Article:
Campbell put the perfect face on why so many paralyzed people are forced to live in poverty. That is live in poverty forever. To raise children in poverty. To be unable to have careers. To lack the ability to get a higher education. To travel. The list of impossibilities is heart breaking. Worse, is the cost of empowering technology in the form of a wheelchair. Sure it is covered but not an appropriate wheelchair. A used power wheelchair costs about $25,000. Need a wheelchair cushion to prevent pressure sores? Good luck. For me I must have a demonstrated medical need. That means being hospitalized with a pressure sore three times in one calendar year. Yes, to have a cushion designed to prevent pressure sores one must develop a pressure sore first and do so three times. Need to renovate your home to be wheelchair accessible? Good luck. Create a fund raiser because those funds are not going to appear.

Campbell and others come to a basic conclusion: American social policy is rotten to the core. So on this lovely day as I look out at a thick blanket of snow and I get it. I really do. Crippled people are unwanted. Corporations consider us a drain on profits. Our elected officials think we are crooks looking for a free ride. The poor and disabled can't be trusted. Our desire to be connected to the community is cut off--go to the nursing nursing home from which you will never emerge. Mass transportation is too expensive. A lift on the bus? Sorry you are not worth it. Housing that is accessible. Dream on. Campbell did a great job putting a human face on what can happen. It is instructive to "read through the heart breaking stories" and the "many similar horrible situations, including many who thought they had good health insurance until a catastrophic accident or expensive medical condition proved otherwise". I wonder though, are such stories helpful. Some will dismiss it as anecdotal and not an accurate representation of the social safety net. My real fear is such stories will be counter productive. People have always feared disability. The story Campbell's sister-in-law only heightens that fear. If people cared, that is if people wanted to have the elderly, poor and disabled as vibrant members of society, we would not have accepted a rotten social support system. Campbell is correct--rotten to the core. Leave it to me to spoil a wonderful day.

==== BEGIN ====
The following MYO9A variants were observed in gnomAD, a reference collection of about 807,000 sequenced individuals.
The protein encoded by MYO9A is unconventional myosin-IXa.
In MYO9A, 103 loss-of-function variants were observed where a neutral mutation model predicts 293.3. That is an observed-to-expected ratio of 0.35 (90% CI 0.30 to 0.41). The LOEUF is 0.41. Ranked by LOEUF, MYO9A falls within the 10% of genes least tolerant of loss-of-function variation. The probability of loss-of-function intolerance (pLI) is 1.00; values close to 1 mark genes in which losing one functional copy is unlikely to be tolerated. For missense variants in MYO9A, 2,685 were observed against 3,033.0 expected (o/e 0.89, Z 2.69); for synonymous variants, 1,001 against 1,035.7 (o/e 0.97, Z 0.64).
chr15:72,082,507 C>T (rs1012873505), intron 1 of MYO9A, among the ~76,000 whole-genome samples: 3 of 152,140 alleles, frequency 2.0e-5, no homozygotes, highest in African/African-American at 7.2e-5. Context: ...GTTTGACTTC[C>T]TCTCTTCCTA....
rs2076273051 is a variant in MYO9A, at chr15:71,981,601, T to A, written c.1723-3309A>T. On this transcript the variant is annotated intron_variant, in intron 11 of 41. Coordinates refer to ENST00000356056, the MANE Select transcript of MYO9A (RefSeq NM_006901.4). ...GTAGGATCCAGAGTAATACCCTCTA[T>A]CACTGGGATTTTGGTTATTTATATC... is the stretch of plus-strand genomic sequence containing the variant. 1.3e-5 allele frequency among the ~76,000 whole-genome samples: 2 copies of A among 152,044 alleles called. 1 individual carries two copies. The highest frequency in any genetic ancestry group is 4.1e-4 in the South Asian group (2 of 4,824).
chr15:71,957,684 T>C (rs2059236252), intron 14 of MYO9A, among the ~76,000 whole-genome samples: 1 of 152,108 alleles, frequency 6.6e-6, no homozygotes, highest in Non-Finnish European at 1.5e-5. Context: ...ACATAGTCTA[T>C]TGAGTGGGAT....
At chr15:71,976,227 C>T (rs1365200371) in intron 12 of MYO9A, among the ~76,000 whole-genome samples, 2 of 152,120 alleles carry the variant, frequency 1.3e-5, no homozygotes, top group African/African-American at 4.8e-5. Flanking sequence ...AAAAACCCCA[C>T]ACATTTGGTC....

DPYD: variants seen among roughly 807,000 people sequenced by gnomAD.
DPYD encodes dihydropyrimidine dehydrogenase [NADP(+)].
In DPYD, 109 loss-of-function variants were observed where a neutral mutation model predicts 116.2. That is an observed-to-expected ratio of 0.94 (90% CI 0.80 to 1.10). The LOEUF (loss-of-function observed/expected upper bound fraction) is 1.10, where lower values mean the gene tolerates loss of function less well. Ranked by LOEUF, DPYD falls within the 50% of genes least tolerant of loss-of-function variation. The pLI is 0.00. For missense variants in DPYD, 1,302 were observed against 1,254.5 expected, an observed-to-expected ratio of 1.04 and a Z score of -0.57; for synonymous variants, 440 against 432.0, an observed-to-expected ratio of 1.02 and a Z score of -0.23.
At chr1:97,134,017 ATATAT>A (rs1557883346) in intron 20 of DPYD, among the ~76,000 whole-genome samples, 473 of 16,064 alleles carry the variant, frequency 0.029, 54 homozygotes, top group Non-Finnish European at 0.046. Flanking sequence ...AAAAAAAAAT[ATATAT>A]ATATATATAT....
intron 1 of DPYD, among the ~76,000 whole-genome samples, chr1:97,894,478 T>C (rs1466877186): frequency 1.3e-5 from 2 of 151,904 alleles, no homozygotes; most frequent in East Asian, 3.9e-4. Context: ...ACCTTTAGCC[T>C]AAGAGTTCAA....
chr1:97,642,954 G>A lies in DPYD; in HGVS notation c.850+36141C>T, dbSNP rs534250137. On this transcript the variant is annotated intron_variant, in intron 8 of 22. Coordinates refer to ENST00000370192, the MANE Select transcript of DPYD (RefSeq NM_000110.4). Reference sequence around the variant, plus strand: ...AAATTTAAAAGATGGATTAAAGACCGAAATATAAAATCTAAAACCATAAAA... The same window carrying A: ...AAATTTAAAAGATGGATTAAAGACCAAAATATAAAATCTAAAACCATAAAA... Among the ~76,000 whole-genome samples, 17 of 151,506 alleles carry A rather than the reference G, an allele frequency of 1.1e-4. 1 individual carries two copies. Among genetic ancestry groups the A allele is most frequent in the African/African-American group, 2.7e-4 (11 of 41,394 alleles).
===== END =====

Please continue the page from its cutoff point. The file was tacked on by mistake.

Sunday, December 7, 2014

Home, Society and Exclusion

Last Friday night I went to a Christmas tree lighting ceremony. It was mercifully short. It was a typical Central New York small town affair. There were gaggles of teenagers running around. The small crowd was dominated by mothers and fathers with little children, many being carried or in strollers. Everyone was congregated in one area. All the town shops were open. High school and middle school kids were selling a wide array of over priced goods. This is not a critique: as a parent I helped my son sell plenty of popcorn, Christmas wreaths, manure, and wrapping paper in support of his school or Boy Scout and Cub Scout activities. I kept my wallet firmly in my pocket, head down and Kate close by my side. One and all appeared to be having a good time. I was miserable. Really truly unhappy. I was not miserable at the time. Sure I was a little cold and wet but was happy to see two close friends. We watched the tree lit up from afar. We chatted and slogged through a crowd to get to my car. All in all a pleasant evening.